In addition to communicating with the screen, the Droplet uses light to communicate with the user, glowing or flashing different colors based on its stored data. For example, as a calendar appointment stored on the device grows near, it can change from blue to red to flashing red.

"Droplets can exchange data such as a website bookmark, so you could apply it to your screen and then toss it to a friend across the room," says Holtzman. "They'll be so inexpensive you can pass them between people like you're passing paper notes."

The Droplet can also act as a "user interface tool on its own," says Holtzman. By holding it up to a screen, the information can be programmed to visually grow out of it as an onscreen graphic. Twisting the Droplet one way or the other like a dial lets the user directly interact with the visualization.

"The Droplet can act as an anchor for a piece of information," says Holtzman. "For example, we've developed a radial clock like representation for appointments, showing information like the time and date."

A related StackAR project uses the concept to "make a very nice portable development environment for embedded devices," says Holtzman. StackAR integrates Droplet technology into an add-on shield for an Arduino Lilypad controller board. When you place the shield-enabled Lilypad on a touchscreen, it generates a graphical depiction of the device, including all pinouts.

"The StackAR display shows where all the signals are, so you can virtually wire up a circuit and try out programs," says Holtzman. "You can then flash the program back into the Arduino and plug it into the real version of the circuit. The point is that you don't always have to have a full-fledged UI with a screen and a bunch of buttons that will only be used occasionally. The device can have the bare minimum, and if you need to reconfigure it, you can bring it together with another device, and have an in-depth interaction grow very naturally."

Glass Infrastructure adds depth to kiosks

Holtzman's Information Ecology group has been leading the way on one of the Media Lab's more ambitious projects in recent years: the Glass Infrastructure. A collaboration among multiple departments, the project combines touchscreen technology with a familiar workhorse of Holtzman's career: RFID.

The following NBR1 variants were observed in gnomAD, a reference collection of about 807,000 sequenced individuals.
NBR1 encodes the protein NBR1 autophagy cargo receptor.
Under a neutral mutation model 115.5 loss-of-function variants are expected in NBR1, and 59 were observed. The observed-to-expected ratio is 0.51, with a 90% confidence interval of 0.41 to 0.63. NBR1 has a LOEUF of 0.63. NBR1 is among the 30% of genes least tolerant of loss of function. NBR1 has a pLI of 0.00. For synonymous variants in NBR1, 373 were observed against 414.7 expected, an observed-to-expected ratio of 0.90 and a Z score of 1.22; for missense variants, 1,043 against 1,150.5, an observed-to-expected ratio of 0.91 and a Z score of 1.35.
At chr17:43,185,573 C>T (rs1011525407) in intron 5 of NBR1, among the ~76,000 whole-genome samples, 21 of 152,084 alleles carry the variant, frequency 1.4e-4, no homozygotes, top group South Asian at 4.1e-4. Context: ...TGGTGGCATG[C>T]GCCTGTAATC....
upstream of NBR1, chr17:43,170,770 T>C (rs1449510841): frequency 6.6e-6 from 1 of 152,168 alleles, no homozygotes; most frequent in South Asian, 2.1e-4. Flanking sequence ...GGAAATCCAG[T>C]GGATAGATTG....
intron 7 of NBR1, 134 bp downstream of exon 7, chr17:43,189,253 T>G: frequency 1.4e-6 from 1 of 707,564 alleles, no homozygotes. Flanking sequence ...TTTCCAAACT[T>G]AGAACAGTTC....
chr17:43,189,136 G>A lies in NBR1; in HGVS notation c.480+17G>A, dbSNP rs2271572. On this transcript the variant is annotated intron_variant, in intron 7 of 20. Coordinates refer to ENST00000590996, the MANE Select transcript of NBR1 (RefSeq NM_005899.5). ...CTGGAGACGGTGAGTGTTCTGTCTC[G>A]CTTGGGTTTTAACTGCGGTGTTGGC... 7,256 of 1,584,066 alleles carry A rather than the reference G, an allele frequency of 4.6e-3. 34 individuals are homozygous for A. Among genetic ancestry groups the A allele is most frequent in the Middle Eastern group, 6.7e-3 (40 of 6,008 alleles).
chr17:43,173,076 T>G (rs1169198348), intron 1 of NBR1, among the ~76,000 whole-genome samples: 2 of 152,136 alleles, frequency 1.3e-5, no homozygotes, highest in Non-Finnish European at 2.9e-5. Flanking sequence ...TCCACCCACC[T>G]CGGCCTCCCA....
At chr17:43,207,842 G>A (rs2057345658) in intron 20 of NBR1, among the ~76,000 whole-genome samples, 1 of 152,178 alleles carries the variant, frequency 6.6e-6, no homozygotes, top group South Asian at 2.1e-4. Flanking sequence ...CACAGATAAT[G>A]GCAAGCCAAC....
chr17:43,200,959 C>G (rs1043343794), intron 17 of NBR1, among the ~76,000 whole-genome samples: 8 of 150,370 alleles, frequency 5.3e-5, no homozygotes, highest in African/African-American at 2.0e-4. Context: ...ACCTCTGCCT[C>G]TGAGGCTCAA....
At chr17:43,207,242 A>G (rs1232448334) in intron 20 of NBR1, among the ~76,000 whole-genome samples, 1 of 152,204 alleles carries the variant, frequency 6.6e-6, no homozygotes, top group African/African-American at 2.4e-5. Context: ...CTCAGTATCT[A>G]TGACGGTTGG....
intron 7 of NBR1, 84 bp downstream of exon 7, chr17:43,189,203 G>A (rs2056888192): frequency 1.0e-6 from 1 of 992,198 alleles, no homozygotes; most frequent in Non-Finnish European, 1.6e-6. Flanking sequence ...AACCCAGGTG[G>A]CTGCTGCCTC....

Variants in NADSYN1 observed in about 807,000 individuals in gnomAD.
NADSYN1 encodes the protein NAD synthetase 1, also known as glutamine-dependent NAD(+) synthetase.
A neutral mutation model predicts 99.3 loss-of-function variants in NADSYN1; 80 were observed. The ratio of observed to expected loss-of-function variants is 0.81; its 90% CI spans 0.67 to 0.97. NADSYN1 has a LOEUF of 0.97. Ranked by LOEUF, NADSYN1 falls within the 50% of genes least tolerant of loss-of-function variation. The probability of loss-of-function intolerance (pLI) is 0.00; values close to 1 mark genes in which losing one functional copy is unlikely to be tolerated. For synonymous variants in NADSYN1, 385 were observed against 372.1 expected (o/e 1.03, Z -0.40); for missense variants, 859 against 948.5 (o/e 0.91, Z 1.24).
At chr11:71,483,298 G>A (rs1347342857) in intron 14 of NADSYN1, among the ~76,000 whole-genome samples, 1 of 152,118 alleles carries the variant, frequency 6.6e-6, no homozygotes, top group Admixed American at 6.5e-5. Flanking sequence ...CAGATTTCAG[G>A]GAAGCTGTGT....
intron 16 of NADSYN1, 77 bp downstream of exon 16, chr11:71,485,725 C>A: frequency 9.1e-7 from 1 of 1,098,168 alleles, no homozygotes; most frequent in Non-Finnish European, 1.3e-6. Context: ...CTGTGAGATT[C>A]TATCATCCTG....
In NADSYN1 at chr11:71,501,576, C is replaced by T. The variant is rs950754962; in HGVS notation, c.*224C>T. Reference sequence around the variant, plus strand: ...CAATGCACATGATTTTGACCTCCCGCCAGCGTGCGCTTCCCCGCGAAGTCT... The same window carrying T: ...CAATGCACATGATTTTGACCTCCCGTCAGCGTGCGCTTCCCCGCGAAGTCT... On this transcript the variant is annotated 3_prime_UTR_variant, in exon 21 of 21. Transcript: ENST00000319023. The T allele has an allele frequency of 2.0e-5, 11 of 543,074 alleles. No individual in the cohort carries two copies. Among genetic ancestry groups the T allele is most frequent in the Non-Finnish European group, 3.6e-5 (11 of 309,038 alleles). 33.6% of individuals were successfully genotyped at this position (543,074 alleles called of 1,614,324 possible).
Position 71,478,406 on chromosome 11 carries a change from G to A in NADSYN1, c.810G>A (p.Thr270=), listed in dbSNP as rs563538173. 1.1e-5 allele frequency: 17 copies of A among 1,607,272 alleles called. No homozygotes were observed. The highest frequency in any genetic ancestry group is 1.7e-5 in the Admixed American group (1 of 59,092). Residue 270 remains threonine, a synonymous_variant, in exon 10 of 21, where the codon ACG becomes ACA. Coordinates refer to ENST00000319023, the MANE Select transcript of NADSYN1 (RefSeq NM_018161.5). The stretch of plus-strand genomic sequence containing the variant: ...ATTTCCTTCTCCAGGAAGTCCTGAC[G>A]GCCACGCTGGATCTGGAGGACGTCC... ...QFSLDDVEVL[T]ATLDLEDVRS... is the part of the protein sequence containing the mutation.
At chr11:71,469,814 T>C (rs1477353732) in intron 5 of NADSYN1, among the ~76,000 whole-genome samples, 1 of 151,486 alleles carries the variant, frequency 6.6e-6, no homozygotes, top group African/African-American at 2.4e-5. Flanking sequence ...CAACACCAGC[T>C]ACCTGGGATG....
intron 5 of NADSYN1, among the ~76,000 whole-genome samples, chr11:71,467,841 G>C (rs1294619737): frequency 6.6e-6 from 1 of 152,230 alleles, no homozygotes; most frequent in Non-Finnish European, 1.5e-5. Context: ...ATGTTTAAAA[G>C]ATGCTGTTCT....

Operational today in the Media Lab, the Glass Infrastructure appears on its surface like any other modern, multimedia-ready kiosk one might find in a museum. Yet thanks to the dropping price of large touchscreens, there are several dozen networked displays distributed throughout the building, and they're big, ranging in size from 46 to 70 inches.

The key innovation of the Glass Infrastructure is that it can personalize experiences by reading visitors' RFID badges, which are preloaded with personal profiles and preferences. The system knows who you are as you move between screens, and it suggests projects based on previous visits, pointing users to multimedia content posted for each project.

"The Glass Infrastructure allows people to see what's happening in the building in a more cerebral way than they can with their eyes," says Holtzman.

In addition, the system takes advantage of the size of the screens to encourage discussion between visitors standing nearby. "It's designed for creating a rich dynamic social space," says Holtzman. "It recognizes multiple people at once, and shows you what you have in common, letting you trade bookmarks and share interests."

A number of organizations have approached the Media Lab for advice on building similar networks. "We've been talking to companies that want to create an environment to give their workers a better idea of what everyone is doing and how it relates," says Holtzman.

Beyond general kiosk applications, financial service providers are looking to apply the concept to their customer centers. "Instead of talking to your financial advisor about your investment strategy across a desk, you can both stand together in front of a touchscreen," says Holtzman. Meanwhile, a major conference service provider is interested in using the technology to provide attendees with a more interactive and personalized view of presentations and exhibitors.

Digital signage and advertising may prove to be the biggest application for the Glass Infrastructure. Companies are interested in extending the capabilities of digital billboards to offer targeted advertising and promotions.

"If a billboard is not interesting to a particular person, it's a wasted opportunity," says Holtzman. "But if the billboard knows something about the people in front of it, it can target the message, and presumably they'll pay more attention."